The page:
About Ana Cidre
Ana Cidre is a developer advocate and engineer at Ultimate Angular. However, she is not your usual software developer, as she has a degree in Fine Arts and a Master in International Business Economics and Management. She has been named Women Techmaker Lead by Google, is the founder of “GalsTech”, a local group for women in tech in Galicia (Spain), and an organiser of the GDG Vigo chapter.
About Sherry List
For the past 15 years, Sherry has worked with a variety of web technologies and is currently focused on Angular. She lives in beautiful Copenhagen, where she works as a front-end lead developer at Nordea bank. Apart from her everyday job, she is a co-organizer of the ngVikings conference, as well as some Meetups groups, such as ngCopenhagen and GDG Copenhagen. She loves animals and supports various non-profit animal protection organizations.
The theory of Angular Ivy
This talk will provide an understanding of the core principles Ivy is built around. Look at the instruction architecture, component factories and injection, and the locality principle. You will leave the talk with the basics you need to get started with Ivy.
About Alex Rickabaugh
Alex Rickabaugh is a software engineer at Google, and for the last three years has been a core member of the Angular team. Throughout his time on Angular, Alex has worked on the Service Worker implementation for Progressive Web Apps, server-side rendering support, and a rewrite of the HTTP API. Currently he works on the Angular Compiler, getting it ready for the next generation architecture, Angular Ivy.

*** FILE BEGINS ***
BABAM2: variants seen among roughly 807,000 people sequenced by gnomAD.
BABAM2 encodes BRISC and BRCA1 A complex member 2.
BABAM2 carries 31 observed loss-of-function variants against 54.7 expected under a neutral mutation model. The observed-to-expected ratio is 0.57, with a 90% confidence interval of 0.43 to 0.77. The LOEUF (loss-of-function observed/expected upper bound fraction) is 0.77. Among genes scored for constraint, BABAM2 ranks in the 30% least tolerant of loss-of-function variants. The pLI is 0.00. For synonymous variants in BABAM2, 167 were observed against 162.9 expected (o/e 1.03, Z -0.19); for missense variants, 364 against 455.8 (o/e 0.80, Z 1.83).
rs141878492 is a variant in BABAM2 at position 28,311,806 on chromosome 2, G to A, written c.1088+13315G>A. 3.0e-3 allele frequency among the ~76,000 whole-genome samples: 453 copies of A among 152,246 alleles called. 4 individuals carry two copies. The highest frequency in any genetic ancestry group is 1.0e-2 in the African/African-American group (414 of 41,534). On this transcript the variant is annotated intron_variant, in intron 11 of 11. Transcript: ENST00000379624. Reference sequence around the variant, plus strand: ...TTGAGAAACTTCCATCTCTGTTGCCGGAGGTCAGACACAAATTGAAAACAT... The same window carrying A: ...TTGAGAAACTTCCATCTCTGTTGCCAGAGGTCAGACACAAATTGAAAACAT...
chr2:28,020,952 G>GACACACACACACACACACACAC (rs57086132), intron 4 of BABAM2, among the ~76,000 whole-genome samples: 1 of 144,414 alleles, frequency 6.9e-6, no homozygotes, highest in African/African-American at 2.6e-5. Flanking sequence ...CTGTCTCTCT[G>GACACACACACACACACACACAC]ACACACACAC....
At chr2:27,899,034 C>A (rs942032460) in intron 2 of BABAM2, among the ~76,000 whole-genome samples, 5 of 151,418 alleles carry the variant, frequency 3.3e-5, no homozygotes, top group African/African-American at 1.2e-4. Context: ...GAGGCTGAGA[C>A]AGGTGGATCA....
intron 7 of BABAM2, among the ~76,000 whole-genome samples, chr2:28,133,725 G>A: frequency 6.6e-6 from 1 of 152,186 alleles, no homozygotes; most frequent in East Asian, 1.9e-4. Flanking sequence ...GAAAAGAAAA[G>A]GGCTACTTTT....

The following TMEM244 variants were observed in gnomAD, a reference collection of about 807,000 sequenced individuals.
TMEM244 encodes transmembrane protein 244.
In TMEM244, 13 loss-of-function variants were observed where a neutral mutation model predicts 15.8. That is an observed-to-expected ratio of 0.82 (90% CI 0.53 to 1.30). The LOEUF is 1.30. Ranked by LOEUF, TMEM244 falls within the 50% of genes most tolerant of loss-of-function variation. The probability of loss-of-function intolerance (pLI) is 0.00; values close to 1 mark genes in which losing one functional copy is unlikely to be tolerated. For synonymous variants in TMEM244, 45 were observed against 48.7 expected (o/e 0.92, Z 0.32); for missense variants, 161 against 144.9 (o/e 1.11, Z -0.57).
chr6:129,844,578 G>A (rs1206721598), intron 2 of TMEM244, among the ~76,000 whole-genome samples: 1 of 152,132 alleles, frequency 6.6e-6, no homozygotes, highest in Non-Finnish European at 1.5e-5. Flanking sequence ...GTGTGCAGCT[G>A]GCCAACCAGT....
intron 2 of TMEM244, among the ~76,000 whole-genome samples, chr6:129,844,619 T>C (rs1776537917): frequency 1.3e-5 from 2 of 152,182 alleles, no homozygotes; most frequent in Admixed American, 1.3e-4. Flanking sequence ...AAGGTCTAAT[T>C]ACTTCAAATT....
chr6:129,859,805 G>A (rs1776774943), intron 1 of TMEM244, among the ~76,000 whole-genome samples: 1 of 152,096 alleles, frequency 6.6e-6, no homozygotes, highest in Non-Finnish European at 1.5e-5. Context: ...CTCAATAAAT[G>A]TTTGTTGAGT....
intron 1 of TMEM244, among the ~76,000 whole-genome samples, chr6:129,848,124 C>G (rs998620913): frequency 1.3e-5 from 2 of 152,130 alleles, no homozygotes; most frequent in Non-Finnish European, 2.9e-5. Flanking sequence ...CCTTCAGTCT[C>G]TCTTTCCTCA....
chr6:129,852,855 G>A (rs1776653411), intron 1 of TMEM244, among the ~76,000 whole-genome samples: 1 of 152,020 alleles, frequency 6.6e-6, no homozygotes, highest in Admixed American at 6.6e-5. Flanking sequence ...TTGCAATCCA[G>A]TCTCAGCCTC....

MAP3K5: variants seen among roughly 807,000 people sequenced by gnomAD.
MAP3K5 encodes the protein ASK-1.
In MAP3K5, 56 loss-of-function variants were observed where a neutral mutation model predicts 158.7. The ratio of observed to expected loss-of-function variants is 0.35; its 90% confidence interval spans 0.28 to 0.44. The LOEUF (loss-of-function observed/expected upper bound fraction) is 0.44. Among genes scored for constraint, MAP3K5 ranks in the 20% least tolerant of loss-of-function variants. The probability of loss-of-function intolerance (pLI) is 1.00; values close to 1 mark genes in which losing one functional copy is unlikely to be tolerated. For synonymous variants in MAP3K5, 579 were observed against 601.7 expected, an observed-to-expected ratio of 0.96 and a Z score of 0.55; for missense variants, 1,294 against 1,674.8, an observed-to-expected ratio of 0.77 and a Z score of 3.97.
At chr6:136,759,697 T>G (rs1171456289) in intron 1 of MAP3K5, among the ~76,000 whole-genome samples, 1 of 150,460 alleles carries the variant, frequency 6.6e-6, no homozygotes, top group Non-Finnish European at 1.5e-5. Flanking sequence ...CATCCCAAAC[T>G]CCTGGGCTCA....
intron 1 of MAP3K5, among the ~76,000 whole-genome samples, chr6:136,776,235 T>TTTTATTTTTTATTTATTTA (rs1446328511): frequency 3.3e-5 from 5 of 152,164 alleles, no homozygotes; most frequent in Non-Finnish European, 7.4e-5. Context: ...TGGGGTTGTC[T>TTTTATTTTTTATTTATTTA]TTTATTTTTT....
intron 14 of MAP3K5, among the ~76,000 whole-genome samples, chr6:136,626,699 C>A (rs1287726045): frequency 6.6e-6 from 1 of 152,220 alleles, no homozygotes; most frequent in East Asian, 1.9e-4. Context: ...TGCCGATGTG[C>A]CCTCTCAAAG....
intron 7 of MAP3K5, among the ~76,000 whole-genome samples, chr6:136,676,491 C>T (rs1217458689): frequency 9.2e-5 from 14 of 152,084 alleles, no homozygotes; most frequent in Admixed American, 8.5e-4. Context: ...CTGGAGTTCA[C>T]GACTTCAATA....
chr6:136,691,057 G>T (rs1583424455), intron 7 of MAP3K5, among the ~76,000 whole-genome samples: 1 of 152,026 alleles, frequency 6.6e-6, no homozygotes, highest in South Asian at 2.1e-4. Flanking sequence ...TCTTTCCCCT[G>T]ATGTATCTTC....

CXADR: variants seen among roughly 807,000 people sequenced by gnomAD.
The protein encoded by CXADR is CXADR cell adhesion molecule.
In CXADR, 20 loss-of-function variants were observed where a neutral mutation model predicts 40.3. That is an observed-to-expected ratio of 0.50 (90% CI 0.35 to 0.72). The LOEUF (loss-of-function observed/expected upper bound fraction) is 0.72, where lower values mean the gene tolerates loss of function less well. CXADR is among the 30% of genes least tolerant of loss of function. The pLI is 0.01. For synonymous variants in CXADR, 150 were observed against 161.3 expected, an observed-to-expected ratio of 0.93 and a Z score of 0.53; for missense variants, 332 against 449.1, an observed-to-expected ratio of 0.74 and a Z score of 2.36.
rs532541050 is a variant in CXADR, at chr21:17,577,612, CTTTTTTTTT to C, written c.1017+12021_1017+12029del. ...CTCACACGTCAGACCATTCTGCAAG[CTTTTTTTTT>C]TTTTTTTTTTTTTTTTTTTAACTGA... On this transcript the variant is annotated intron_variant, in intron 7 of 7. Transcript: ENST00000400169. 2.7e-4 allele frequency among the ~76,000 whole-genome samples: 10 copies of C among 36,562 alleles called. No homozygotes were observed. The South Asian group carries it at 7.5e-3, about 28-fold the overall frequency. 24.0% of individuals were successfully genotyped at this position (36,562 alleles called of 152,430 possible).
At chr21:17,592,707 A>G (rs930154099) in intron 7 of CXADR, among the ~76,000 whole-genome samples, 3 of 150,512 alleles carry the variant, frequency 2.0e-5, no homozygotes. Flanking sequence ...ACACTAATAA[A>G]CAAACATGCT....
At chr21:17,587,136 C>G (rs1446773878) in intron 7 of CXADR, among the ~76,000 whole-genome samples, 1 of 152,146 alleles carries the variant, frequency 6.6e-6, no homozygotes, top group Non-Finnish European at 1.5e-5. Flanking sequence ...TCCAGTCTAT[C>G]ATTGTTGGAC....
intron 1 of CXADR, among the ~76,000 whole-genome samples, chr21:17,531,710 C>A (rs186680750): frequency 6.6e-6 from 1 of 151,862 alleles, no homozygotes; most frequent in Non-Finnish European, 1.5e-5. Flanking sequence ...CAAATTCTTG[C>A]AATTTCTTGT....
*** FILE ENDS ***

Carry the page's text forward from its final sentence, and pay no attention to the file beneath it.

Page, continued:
Geolocation and Augmented Reality (WebXR) are tools we can use to create engaging experiences in mobile web but great user experiences require your apps to be fast. Angular makes it easy to write reusable components that integrate such experiences in a seamless way. Join me as I explore the capabilities of Geolocation and WebXR APIs and how they can enrich your applications while writing reusable and performant Angular components.
About Aysegul Yonet
Aysegul is a Senior Angular Engineer, focussing on Angular, Data Visualization and WebXR. She is a Developer Expert at Google for Web Technologies/Angular and an active conference speaker. She previously worked as Senior Software Engineer at Nrwl.io and Autodesk Play, a 3D and VR authoring tool and A360 Viewer and A360 Drive. She enjoys teaching at a variety of non-profit organizations aiming to increase diversity in the software industry..
With the new rendering engine (Ivy) we’ve finally been able to work on a full revamp of i18n (internationalization) for Angular. Translations are now handled at runtime which brings a lot of benefits: one bundle for all languages, service for code translations…
In this talk, we will review the design choices, the changes and the benefits of this new approach.
About Olivier Combe
Olivier is a member of the Angular Core team and works on i18n. He is a passionate front-end engineer who loves interacting with the community by doing open source projects (ocLazyLoad, ngx-translate…), giving talks or just chatting on Twitter and Slack.